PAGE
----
You stayed up late last night reading your hardcover print edition of "The Enchantress of Florence" by Salman Rushdie. It's just too good to put down.
During breakfast, when you normally read The New York Times on your Kindle eBook reader, you felt compelled to read the Kindle version of your book instead.
The second you get into your car, you punch up the audio version, and let Rushdie himself read to you on the way to work.
During your lunch break, you visit the DMV to renew your driver's license. The wait is 15 minutes, so you whip out your iPhone and keep on reading. You're loving the fact that you bought all versions of the book in the $34.99 bundled edition.
Unfortunately, this whole scenario is pure fiction. Sure, "reading" a book on multiple formats is easy. The fairy tale is the price. It could actually cost you $76.34 to buy all copies. (The hardcover print copy costs $29.98 at Barnes & Noble; the Kindle version costs $9.99 at Amazon.com; and the audio version costs $36.37 at Audible.com.)
Can someone explain this to me? Since 99% of the value of a book is created before it's spun off into multiple formats, why does that additional 1% of value cost between 30% and 300%?
Turning the page on publishing
The casual observer might be forgiven for believing that the eBook industry is rife with innovation.
Sony announced recently a product called the Reader Daily Edition, which has 3G connectivity, and two smaller and cheaper readers that do not support wireless. More importantly, the company revealed plans to offer Sony Library Finder, which will enable users to "borrow" eBooks.
Asus, the company that brought us the netbook revolution with its Eee PC device, announced plans to ship a two-screen eBook reader at a very low cost. Theoretically, the twin display format enables two page reading, just like a real book, or one page of book and another page of, say, reference material like Wikipedia.
However, hardware innovation is not the same thing as eBook innovation. All this change is happening around the book publishing industry. Publishers themselves have circled the wagons, and are waiting for innovation to go away so they can get back to business as usual.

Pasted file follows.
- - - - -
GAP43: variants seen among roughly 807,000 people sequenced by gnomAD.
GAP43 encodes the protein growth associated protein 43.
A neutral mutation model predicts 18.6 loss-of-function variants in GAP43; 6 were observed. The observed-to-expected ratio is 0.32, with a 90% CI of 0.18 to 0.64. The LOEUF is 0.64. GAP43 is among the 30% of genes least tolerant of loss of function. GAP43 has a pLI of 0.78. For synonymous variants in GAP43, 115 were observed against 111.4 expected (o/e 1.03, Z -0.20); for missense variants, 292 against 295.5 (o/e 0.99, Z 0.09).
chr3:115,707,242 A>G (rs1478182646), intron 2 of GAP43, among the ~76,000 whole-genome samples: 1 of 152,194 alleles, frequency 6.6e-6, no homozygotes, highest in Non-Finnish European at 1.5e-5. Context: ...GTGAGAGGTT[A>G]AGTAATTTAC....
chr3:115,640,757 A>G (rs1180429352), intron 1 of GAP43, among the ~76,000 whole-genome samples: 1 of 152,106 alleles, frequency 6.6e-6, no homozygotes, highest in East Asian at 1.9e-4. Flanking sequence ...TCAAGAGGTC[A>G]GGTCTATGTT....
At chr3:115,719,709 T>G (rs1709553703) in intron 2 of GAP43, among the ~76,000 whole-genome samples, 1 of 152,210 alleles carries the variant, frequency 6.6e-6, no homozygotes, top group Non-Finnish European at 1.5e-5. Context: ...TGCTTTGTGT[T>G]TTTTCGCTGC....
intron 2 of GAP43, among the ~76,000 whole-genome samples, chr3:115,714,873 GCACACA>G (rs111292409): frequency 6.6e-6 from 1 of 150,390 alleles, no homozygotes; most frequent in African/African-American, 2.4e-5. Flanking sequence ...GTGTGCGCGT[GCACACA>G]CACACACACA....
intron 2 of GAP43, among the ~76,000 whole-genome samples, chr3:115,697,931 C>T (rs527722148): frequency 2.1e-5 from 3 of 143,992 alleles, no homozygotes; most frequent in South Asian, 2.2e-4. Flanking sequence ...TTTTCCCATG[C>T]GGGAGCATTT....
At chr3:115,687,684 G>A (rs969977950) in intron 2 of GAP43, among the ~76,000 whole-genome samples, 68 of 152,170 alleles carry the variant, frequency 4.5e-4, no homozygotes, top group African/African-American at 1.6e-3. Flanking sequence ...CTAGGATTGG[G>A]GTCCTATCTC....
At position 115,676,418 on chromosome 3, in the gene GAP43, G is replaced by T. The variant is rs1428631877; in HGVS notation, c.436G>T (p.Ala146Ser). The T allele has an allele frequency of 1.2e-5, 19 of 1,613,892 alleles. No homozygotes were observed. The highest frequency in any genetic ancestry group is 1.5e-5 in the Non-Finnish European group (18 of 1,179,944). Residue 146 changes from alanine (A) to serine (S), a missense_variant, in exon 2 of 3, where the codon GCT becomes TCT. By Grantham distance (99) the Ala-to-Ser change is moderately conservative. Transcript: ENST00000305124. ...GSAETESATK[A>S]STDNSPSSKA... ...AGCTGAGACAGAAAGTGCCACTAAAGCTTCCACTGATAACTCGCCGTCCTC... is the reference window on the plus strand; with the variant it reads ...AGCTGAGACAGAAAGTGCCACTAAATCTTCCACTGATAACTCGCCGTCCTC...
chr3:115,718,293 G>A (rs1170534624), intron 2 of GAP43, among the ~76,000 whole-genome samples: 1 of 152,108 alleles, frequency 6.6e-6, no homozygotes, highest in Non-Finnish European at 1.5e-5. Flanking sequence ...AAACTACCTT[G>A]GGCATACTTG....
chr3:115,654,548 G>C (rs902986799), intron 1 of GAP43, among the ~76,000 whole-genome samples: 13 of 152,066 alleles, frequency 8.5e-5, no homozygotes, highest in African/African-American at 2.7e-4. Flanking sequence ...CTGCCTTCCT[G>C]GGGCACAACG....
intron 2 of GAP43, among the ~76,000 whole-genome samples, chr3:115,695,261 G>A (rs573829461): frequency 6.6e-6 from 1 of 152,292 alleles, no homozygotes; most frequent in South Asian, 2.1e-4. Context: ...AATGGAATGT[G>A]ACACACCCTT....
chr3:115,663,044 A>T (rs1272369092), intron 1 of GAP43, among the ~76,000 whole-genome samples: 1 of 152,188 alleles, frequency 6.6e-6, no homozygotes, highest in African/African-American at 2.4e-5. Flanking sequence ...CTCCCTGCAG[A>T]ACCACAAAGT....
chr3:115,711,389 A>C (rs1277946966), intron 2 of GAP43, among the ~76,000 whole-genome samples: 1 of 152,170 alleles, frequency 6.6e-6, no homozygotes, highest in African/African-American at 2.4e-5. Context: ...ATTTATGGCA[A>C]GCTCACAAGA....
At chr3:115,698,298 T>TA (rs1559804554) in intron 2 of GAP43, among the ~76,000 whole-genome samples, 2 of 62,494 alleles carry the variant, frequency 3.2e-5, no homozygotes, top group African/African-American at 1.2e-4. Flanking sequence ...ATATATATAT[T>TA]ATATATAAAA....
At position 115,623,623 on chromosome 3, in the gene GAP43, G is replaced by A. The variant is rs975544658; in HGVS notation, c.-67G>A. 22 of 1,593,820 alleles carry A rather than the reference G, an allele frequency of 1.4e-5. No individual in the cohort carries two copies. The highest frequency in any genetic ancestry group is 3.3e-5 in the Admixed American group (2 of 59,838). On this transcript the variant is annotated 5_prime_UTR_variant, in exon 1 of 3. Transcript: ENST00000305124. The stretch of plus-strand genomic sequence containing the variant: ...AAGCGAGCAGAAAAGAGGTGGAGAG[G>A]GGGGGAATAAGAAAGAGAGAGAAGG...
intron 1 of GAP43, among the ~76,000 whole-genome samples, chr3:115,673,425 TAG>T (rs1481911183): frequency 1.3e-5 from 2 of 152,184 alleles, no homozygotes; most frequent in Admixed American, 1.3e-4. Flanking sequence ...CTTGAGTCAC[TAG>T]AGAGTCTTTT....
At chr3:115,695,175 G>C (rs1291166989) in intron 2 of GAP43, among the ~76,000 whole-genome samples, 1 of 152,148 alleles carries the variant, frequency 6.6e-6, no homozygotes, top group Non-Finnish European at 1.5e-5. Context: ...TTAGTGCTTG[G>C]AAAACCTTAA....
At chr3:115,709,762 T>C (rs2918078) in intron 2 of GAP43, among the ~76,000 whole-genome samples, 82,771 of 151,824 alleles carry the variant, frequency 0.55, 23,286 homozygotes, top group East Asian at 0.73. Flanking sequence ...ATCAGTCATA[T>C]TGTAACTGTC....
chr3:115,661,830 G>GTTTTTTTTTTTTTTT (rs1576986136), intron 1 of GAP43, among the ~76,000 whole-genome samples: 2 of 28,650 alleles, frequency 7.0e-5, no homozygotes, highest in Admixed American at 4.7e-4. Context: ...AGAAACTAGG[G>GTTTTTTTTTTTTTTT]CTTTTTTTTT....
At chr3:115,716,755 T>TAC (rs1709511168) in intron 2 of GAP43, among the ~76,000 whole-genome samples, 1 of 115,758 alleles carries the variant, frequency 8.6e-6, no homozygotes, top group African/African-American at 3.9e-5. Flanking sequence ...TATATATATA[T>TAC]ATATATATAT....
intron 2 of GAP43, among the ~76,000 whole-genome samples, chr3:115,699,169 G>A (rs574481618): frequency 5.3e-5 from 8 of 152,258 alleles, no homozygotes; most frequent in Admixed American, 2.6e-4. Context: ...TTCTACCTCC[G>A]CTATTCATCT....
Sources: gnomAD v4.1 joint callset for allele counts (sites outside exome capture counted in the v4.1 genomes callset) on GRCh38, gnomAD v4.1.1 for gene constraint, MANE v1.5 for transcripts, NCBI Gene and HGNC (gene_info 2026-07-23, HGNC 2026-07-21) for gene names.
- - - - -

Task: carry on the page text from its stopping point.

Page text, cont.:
They think they sell paper, glue and ink over here, electronic documents over there, and way over yonder, audio recordings. They spend an inordinate amount of time trying to protect this media from that media. Publishers have forgotten what a book is.
Continued resistance by the publishing industry to change will soon be registered by the Internet economy as damage, and the world will route around it. Books are on the brink of revolution. Publishers won't be able to suppress progress for long.
Ten years from now, both paper books and dedicated eBook readers will be considered high-end luxury devices. The vast majority of reading will be done on cell phones and general-purpose tablet PCs, in both e-text and audio formats.
My advice to publishers is to embrace innovation. We readers want to be thrilled by books in the same way that we're thrilled by our iPhones, and by Web 2.0 sites.
Here's what we want:
1. Bundled multimedia books. Work to make the default "version" of every book, the "everything version." For about $10 more than the hardcover price, we should get the hardcover, eBook and audio versions together.